This is a further better approach by scientists from UK and Japan labs towards producing embryonic stem cells by reprogramming adult stem cells, published in Nature Methods.
Kosuke Yusa, Sanger Institute investigator and lead author on the study, claimed that the new research answers two questions: can we improve the efficiency of recovering cells with the original-state genome (typically, it is around one in 1000) and can we improve on the efficiency of the four factors?
Researchers further claimed that the new work adds one more factor to previous findings to double the efficiency of producing the new stem cells.
Moreover, the team added a selection step that enables efficient removal of the reprogramming factors from the stem cells after they have completed their task. Removing these factors ensures the genetic make up of these cells is an exact copy of the donor.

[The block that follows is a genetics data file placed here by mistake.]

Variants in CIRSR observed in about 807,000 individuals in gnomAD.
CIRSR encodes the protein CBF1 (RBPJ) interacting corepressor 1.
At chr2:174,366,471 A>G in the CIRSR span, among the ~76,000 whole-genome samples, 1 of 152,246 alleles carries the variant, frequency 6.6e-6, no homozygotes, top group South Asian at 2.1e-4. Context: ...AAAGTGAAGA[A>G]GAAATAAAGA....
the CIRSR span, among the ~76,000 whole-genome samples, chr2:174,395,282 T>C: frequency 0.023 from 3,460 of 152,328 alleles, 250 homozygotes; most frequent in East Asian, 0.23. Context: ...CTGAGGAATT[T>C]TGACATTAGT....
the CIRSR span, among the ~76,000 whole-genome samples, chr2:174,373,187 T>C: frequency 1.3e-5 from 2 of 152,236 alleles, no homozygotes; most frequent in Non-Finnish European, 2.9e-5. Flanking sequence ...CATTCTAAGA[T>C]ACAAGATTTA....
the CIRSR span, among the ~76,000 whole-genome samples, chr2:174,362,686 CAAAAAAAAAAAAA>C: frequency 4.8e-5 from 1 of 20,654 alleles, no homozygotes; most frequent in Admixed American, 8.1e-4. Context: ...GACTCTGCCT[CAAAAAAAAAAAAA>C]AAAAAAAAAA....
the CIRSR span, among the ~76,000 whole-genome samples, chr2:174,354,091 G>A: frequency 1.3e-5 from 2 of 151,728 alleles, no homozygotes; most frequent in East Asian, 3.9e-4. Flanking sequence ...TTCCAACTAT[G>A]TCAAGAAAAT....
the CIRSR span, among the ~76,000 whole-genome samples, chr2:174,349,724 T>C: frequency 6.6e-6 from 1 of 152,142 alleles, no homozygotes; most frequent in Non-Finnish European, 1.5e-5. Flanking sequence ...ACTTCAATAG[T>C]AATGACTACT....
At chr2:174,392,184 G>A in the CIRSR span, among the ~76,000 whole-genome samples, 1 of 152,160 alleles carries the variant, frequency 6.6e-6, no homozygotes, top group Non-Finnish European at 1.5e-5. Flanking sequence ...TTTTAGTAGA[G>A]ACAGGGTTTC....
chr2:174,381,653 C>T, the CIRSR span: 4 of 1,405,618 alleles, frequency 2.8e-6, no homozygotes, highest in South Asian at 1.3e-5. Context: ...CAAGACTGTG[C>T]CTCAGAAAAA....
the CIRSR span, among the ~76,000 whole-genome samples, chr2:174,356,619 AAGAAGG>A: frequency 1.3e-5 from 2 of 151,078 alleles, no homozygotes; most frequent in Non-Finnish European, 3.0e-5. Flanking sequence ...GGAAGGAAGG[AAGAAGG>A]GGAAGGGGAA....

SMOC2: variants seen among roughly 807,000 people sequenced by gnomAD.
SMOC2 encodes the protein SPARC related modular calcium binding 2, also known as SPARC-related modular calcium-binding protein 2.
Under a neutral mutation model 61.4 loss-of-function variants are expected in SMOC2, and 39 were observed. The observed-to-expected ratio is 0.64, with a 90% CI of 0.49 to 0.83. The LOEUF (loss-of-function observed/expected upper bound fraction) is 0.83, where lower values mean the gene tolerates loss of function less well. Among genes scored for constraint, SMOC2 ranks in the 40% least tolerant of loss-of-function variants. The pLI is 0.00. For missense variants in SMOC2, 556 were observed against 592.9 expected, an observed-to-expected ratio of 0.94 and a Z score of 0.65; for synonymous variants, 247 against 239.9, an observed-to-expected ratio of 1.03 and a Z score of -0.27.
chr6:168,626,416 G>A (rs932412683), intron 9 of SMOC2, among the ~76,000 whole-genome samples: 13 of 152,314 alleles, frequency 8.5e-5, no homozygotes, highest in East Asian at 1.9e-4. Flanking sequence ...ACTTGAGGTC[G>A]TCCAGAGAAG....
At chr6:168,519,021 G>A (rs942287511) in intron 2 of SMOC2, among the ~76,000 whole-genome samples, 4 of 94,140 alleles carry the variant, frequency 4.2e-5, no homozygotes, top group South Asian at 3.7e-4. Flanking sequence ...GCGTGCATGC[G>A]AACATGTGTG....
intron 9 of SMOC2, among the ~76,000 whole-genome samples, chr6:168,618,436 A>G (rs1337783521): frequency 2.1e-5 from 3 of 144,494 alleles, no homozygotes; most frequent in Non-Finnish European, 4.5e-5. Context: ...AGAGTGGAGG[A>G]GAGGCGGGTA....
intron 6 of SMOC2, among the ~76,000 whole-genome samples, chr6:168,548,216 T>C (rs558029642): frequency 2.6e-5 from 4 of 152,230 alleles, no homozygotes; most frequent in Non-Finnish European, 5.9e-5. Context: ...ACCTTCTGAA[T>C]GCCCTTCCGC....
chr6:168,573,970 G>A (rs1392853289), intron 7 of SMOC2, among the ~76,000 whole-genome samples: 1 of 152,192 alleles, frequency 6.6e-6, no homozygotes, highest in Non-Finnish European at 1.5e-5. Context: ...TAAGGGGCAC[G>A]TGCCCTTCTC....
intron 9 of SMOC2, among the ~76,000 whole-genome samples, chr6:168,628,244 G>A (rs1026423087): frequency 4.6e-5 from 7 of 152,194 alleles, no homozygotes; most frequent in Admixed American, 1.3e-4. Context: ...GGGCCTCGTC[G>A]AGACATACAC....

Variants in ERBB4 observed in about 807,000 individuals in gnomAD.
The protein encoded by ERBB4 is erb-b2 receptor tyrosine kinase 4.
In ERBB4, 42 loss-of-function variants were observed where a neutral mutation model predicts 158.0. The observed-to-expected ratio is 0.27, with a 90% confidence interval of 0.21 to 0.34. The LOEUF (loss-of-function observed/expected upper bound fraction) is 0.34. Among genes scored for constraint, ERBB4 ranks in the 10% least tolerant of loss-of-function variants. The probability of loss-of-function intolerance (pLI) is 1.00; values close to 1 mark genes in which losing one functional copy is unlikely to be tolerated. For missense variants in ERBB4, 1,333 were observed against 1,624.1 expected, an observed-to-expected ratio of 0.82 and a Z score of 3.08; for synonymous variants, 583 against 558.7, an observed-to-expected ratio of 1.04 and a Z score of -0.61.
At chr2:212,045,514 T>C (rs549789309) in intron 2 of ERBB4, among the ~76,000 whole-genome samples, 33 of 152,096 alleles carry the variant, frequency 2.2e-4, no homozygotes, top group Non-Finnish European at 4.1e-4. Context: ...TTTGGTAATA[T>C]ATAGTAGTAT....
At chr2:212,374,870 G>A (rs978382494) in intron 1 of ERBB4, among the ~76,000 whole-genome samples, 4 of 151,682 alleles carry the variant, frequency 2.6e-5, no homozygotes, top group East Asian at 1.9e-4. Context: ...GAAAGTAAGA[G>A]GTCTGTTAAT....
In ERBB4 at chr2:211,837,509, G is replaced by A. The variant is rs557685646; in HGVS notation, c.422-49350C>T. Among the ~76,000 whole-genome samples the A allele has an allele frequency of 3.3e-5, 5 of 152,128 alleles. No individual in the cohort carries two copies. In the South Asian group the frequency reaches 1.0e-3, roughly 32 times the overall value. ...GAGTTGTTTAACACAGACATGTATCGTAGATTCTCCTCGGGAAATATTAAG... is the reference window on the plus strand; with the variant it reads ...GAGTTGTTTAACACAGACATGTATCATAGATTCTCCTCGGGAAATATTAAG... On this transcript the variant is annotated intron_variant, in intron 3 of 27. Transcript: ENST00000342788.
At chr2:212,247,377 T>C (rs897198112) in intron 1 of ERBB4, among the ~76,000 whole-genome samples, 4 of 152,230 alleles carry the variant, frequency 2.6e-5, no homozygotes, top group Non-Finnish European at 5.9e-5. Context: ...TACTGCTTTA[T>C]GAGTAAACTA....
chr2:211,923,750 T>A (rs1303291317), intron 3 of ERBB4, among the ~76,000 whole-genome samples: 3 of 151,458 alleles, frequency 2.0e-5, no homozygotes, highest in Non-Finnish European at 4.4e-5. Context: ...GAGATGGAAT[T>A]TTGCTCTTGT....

In this latest work, the research team used a trick of adding a gene that will kill the cell when a chemical is added to the growth solution. Only if the poison gene is removed along with the factors and the original cell genome restored, will cells survive the selection. If the poison gene is still there, they will die. This step improves the recovery of correctly modified induced pluripotent stem cells (iPSCs).
The second improvement was to add a fifth genetic factor to the cells, which improved the production of iPSCs twofold.
In the previous research, scientists successfully added genes for four genetic factors to reverse the loss of potency of human and mouse cells.
These factors reprogram the genetic machinery of the cell and, over several weeks, take the cell back to a more embryonic-like state.
Once reprogrammed, the genes can be removed, leaving the original genome of the cell undisturbed.
Presently scientists are looking forward to increase more effiency, they believed that combined with our robust selection step, they will able to much more rapidly develop and explore iPSCs much more rapidly.